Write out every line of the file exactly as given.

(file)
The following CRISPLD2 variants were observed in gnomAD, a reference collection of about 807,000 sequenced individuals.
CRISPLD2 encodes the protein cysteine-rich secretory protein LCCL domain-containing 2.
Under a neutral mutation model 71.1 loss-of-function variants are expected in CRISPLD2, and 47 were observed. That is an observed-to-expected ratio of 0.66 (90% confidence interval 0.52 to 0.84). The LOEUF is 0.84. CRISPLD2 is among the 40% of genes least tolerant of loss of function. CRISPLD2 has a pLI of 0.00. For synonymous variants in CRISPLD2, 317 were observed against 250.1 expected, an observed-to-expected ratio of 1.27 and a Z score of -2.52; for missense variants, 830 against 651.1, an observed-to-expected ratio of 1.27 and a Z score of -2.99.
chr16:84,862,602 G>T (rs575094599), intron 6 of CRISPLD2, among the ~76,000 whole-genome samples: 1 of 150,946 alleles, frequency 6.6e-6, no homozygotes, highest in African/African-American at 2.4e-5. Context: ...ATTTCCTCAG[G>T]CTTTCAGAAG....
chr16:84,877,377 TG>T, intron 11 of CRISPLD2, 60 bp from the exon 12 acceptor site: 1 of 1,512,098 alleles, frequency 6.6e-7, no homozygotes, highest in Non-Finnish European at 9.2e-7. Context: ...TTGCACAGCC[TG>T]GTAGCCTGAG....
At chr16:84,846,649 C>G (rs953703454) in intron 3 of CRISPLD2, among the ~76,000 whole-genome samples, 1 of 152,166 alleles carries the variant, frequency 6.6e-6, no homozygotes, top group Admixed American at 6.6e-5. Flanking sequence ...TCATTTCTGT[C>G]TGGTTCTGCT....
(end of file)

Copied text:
The following CRISPLD2 variants were observed in gnomAD, a reference collection of about 807,000 sequenced individuals.
CRISPLD2 encodes the protein cysteine-rich secretory protein LCCL domain-containing 2.
Under a neutral mutation model 71.1 loss-of-function variants are expected in CRISPLD2, and 47 were observed. That is an observed-to-expected ratio of 0.66 (90% confidence interval 0.52 to 0.84). The LOEUF is 0.84. CRISPLD2 is among the 40% of genes least tolerant of loss of function. CRISPLD2 has a pLI of 0.00. For synonymous variants in CRISPLD2, 317 were observed against 250.1 expected, an observed-to-expected ratio of 1.27 and a Z score of -2.52; for missense variants, 830 against 651.1, an observed-to-expected ratio of 1.27 and a Z score of -2.99.
chr16:84,862,602 G>T (rs575094599), intron 6 of CRISPLD2, among the ~76,000 whole-genome samples: 1 of 150,946 alleles, frequency 6.6e-6, no homozygotes, highest in African/African-American at 2.4e-5. Context: ...ATTTCCTCAG[G>T]CTTTCAGAAG....
chr16:84,877,377 TG>T, intron 11 of CRISPLD2, 60 bp from the exon 12 acceptor site: 1 of 1,512,098 alleles, frequency 6.6e-7, no homozygotes, highest in Non-Finnish European at 9.2e-7. Context: ...TTGCACAGCC[TG>T]GTAGCCTGAG....
At chr16:84,846,649 C>G (rs953703454) in intron 3 of CRISPLD2, among the ~76,000 whole-genome samples, 1 of 152,166 alleles carries the variant, frequency 6.6e-6, no homozygotes, top group Admixed American at 6.6e-5. Flanking sequence ...TCATTTCTGT[C>G]TGGTTCTGCT....